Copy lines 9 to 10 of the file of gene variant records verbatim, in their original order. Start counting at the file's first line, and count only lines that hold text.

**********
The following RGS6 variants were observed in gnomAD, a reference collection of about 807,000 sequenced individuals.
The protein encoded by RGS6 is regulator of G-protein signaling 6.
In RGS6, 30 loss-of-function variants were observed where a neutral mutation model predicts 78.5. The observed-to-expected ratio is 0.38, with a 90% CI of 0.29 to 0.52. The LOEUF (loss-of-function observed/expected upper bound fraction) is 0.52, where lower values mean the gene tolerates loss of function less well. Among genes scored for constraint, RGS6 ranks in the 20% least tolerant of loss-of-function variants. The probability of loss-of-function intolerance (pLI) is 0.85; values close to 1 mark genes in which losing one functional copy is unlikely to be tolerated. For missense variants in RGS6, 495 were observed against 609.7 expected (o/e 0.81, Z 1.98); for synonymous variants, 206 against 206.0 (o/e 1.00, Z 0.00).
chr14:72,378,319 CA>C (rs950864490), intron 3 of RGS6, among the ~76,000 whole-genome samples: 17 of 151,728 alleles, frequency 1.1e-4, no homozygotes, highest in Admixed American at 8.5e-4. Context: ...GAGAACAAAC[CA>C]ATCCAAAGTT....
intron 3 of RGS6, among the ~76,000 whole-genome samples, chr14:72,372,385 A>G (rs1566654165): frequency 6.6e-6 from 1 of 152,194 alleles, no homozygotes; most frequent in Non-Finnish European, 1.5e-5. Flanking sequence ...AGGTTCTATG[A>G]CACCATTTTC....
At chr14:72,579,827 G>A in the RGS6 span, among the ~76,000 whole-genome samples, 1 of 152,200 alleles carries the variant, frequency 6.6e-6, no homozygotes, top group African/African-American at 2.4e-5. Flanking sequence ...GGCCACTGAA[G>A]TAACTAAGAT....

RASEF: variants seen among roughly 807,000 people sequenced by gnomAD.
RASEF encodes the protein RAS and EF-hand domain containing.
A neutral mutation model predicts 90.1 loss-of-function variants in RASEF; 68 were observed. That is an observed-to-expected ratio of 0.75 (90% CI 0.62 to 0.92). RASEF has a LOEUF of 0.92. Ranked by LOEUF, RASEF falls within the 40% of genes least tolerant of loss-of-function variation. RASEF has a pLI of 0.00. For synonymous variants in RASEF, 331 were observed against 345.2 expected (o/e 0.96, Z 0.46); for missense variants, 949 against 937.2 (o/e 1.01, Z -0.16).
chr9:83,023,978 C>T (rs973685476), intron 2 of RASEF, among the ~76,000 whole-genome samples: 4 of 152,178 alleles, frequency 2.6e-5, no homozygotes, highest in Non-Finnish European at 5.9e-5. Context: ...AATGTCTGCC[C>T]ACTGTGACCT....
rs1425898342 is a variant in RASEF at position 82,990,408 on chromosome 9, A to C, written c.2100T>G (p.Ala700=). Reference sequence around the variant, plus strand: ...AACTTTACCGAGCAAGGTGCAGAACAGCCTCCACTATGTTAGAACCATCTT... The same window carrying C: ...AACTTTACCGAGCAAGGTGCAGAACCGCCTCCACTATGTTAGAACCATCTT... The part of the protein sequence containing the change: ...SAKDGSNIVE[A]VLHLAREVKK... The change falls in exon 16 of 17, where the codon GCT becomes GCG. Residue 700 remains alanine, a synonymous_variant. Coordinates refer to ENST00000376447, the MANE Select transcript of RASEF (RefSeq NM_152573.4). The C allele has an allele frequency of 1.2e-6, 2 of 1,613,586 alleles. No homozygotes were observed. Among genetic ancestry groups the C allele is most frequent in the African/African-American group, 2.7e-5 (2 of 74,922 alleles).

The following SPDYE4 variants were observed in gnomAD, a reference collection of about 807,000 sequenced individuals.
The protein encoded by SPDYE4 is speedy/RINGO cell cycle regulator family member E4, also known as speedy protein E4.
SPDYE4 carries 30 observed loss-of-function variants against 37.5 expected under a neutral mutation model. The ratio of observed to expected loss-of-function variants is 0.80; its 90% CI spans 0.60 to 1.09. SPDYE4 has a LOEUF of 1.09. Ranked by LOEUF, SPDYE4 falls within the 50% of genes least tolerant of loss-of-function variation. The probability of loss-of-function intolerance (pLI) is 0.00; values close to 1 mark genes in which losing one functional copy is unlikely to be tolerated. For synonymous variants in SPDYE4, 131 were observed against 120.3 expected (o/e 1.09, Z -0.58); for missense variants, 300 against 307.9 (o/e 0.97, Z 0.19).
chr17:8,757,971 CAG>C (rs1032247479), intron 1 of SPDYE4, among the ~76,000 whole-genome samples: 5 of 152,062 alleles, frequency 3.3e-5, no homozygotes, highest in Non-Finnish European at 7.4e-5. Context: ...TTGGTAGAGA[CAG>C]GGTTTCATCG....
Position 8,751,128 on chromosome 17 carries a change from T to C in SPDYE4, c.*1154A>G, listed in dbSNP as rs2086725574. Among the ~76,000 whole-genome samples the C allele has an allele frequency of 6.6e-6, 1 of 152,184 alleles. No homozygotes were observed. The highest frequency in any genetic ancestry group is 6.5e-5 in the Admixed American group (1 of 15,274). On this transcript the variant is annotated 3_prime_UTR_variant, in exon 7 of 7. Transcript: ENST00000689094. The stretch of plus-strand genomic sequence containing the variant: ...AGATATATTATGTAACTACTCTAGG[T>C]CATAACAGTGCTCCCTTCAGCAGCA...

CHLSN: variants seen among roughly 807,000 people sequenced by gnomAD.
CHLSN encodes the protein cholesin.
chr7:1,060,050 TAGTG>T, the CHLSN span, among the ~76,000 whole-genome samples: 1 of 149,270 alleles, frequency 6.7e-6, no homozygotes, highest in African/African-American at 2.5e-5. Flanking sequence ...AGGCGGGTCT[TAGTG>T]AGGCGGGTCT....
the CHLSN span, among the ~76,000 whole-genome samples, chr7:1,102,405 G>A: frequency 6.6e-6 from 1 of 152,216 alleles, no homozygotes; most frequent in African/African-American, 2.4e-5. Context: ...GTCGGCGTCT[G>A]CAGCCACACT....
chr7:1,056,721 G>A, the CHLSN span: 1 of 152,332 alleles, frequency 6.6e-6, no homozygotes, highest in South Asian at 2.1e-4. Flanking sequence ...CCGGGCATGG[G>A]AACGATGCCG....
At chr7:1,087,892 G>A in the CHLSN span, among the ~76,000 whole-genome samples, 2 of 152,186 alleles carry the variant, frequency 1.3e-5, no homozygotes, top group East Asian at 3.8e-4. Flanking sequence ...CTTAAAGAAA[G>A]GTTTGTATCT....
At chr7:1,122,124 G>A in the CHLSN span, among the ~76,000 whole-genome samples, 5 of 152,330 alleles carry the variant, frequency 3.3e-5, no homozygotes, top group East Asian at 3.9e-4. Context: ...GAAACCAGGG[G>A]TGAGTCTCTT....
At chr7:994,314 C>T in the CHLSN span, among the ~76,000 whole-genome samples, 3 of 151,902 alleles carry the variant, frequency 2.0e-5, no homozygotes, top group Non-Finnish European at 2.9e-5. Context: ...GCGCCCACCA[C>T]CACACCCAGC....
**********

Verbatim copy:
A neutral mutation model predicts 90.1 loss-of-function variants in RASEF; 68 were observed. That is an observed-to-expected ratio of 0.75 (90% CI 0.62 to 0.92). RASEF has a LOEUF of 0.92. Ranked by LOEUF, RASEF falls within the 40% of genes least tolerant of loss-of-function variation. RASEF has a pLI of 0.00. For synonymous variants in RASEF, 331 were observed against 345.2 expected (o/e 0.96, Z 0.46); for missense variants, 949 against 937.2 (o/e 1.01, Z -0.16).
chr9:83,023,978 C>T (rs973685476), intron 2 of RASEF, among the ~76,000 whole-genome samples: 4 of 152,178 alleles, frequency 2.6e-5, no homozygotes, highest in Non-Finnish European at 5.9e-5. Context: ...AATGTCTGCC[C>T]ACTGTGACCT....